Monmouth APAP Conference
Club & Greek

Monmouth Students Attend APAP Conference

Three Monmouth students had the opportunity to represent the university at the annual Association of Performing Arts Professionals (APAP) Conference in New York City from Jan. 9-14.

APAP is the largest international organization of performing arts professionals in the world. Agents, managers, presenters, bookers, venue operators, and talent of all kinds gather in the Midtown Hilton for almost a week of professional development sessions and keynote speakers. The Expo Hall is also opened with hundreds of agency booths of booking literature.

This year’s conference theme was Risk and Resilience, and many of the professional development sessions discussed themes of self-promotion, perseverance, curiosity, and exploration of new avenues in the industry.

The closing keynote speaker was multi-platinum singer/songwriter Ben Folds. He could not be reached for comment.

Jenna Hawryluk and Rachel Disipio, senior music industry students, and myself, were sent to the conference courtesy of the Monmouth University Center for the Arts to see a side of the entertainment industry many do not. To attend, however, there was a catch: We would have to register for the conference as student volunteers. We would be working it.

Vaune Peck, the Director for the Center for the Arts, said, “It’s so rewarding for me to take students to this conference and watch them revel in the experience. It’s such a wonderful opportunity for music industry majors and others interested in the industry.”

Other student volunteers were high school and college aged from across the globe; California, China, Nicaragua. The volunteers were tasked with running the registration booths, monitoring the exposition hall, distributing surveys, scanning attendees into various portions of the conference, and running around to complete tasks.

Mario Garcia Durham, CEO and President of APAP, said, “Many people help make our conference a success, but our volunteers are perhaps the most significant. With a wide array of duties to provide for over 3,600 attendees, crucial tasks would go incomplete without your hard work. From the complexity of registration to simply helping someone find their way, you provided our attendees with a world-class experience.”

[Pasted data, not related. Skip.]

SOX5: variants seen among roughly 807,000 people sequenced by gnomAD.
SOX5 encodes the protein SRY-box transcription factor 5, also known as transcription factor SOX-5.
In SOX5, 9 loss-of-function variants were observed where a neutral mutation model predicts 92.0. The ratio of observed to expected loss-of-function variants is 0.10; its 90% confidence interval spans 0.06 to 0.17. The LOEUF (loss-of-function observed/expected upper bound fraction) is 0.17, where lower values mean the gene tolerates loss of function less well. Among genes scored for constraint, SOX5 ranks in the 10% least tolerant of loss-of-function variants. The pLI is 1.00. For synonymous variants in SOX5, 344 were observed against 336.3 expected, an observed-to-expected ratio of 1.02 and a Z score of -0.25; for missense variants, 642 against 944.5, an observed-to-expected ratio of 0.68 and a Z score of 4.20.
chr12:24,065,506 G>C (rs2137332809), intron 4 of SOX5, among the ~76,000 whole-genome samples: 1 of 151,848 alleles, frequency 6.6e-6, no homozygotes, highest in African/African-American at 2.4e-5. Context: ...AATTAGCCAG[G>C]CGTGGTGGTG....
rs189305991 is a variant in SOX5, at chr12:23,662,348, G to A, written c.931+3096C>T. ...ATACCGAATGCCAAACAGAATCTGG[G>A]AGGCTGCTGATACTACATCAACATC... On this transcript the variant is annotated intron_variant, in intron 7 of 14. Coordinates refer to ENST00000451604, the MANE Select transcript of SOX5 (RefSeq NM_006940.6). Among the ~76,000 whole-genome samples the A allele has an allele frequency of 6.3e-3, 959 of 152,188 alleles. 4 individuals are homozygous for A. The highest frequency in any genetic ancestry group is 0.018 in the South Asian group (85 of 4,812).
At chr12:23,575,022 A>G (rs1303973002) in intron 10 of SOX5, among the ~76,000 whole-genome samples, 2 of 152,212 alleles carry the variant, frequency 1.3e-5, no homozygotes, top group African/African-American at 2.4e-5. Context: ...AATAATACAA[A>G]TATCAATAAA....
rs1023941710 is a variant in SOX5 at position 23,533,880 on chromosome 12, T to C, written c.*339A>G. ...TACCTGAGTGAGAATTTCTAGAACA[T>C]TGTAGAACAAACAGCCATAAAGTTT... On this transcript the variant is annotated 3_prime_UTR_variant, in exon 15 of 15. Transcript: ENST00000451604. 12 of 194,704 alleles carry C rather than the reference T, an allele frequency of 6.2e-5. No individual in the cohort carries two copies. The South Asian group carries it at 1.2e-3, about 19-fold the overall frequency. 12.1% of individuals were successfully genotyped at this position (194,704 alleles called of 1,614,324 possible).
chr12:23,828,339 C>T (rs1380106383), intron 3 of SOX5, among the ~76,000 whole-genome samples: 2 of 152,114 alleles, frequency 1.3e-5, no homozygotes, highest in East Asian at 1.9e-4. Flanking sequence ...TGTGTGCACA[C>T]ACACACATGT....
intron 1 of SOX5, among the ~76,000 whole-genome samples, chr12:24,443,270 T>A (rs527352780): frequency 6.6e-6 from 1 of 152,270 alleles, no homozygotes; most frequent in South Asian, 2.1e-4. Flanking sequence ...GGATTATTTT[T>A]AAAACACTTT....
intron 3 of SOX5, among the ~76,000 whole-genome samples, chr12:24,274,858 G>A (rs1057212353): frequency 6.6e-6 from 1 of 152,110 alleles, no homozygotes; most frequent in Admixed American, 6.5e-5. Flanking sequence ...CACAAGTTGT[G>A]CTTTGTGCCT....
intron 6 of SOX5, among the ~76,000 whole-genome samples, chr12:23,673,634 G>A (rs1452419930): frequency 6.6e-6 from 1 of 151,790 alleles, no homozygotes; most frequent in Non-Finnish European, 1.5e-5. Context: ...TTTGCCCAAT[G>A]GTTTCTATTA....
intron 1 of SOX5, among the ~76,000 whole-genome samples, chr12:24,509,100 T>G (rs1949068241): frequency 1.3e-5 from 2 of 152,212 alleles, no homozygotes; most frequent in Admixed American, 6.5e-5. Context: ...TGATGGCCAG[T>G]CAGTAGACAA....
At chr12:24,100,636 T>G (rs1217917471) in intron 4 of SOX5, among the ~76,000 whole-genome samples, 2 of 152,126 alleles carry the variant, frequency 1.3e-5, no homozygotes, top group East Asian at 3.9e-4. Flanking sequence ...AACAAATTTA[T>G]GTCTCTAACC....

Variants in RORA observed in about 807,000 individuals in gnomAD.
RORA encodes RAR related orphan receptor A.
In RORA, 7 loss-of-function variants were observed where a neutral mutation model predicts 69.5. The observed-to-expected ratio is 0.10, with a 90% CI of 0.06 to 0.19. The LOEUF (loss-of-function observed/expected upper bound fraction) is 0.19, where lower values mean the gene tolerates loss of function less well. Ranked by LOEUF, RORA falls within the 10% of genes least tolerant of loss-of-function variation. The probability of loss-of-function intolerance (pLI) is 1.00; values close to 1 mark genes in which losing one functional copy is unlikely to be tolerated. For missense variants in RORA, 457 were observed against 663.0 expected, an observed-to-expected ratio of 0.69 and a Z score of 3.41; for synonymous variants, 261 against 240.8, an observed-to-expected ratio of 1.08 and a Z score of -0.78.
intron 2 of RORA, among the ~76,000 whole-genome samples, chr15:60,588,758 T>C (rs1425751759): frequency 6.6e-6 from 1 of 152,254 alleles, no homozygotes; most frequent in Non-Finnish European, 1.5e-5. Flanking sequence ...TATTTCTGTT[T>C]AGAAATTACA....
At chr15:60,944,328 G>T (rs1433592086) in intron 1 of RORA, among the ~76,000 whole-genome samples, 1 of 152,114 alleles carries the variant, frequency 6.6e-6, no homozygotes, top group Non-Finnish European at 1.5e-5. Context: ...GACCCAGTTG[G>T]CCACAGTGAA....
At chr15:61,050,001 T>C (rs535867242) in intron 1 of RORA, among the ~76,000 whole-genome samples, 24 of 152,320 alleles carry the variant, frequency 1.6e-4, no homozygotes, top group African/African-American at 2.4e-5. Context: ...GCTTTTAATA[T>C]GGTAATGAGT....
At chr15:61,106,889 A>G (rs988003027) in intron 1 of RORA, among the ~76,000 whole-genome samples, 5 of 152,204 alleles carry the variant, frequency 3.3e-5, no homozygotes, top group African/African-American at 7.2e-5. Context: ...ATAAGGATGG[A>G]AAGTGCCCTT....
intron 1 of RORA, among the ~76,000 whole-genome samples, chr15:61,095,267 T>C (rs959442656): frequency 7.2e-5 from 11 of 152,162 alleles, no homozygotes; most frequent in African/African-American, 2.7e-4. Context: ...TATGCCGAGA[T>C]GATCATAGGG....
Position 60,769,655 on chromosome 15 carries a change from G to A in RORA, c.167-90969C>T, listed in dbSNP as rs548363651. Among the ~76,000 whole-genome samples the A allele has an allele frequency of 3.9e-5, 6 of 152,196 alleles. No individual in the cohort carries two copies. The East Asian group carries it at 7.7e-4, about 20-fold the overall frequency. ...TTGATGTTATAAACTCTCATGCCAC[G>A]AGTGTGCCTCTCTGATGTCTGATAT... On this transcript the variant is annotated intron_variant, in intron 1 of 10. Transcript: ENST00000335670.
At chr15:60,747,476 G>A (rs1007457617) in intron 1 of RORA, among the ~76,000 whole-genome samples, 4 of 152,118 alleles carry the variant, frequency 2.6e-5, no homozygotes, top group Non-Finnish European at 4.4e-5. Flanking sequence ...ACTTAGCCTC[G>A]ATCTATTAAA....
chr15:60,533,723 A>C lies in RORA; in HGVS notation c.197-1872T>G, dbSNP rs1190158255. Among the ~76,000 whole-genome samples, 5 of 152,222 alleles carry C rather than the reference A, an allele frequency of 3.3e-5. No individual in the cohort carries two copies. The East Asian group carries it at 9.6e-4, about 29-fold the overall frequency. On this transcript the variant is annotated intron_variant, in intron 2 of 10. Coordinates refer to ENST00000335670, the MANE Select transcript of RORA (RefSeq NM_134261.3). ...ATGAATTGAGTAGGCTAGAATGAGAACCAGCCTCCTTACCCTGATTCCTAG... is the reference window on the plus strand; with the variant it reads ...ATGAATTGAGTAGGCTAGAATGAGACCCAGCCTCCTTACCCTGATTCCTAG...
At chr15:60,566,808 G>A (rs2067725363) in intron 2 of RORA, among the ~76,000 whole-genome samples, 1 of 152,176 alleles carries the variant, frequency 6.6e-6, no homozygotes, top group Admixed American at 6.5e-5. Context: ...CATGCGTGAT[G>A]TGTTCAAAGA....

Another pivotal aspect of the APAP conference are the showcases.  A showcase is a 15 minute to hour long demonstration of a performer’s show.  The intention is to give agents, venue executives, and arts presenters a taste of what their show would look like, and hopefully get booked. These showcases begin as early as 9 a.m. and usually don’t end until 2 a.m. Many are held within the hosting hotel, but they are also spread out at hundreds of venues across NYC. At check-in, the program details about 600 pages of showcases over the week’s time.

Celebrities such as members of the Zak Brown Band, the King of the Twist Chubby Checker, and many more can also be found exploring the conference and/or performing. Dance troupes, magicians, thespians, prodigies, comedians, poets, and a list of other performers converge and wander.

Another big reason these industry professionals attend APAP is the Networking Lounge, where they can connect with others and talk business.

Disipo said, “The conference provided several opportunities for us to meet industry professionals and other students, allowing us to expand our networks in the entertainment field.”

Hawryluk said, “We were able to experience how booking agents and other performing arts industry professionals find the best talent for possible shows in the future. We were able to see a diverse amount of performers that could potentially come to our University in the upcoming years.”

Hawryluk continued, “It was an experience I’ve never had before. And it was so much fun to see the talent I wouldn’t have been able to see if I didn’t go.”

A conference of this size is not without minor setbacks, however. A registrant’s badge costs about $900 to attend the conference. There were a few scammers who attended previous years and made photo copies of that year’s badge and tried to sell it to desperate shut-outs. Others would say they “forgot” their badge and try to enter restricted areas. The volunteers and staff caught multiple people engaging in unethical practices, and referred them to the authorities.

PHOTO COURTESY of Ray Romanski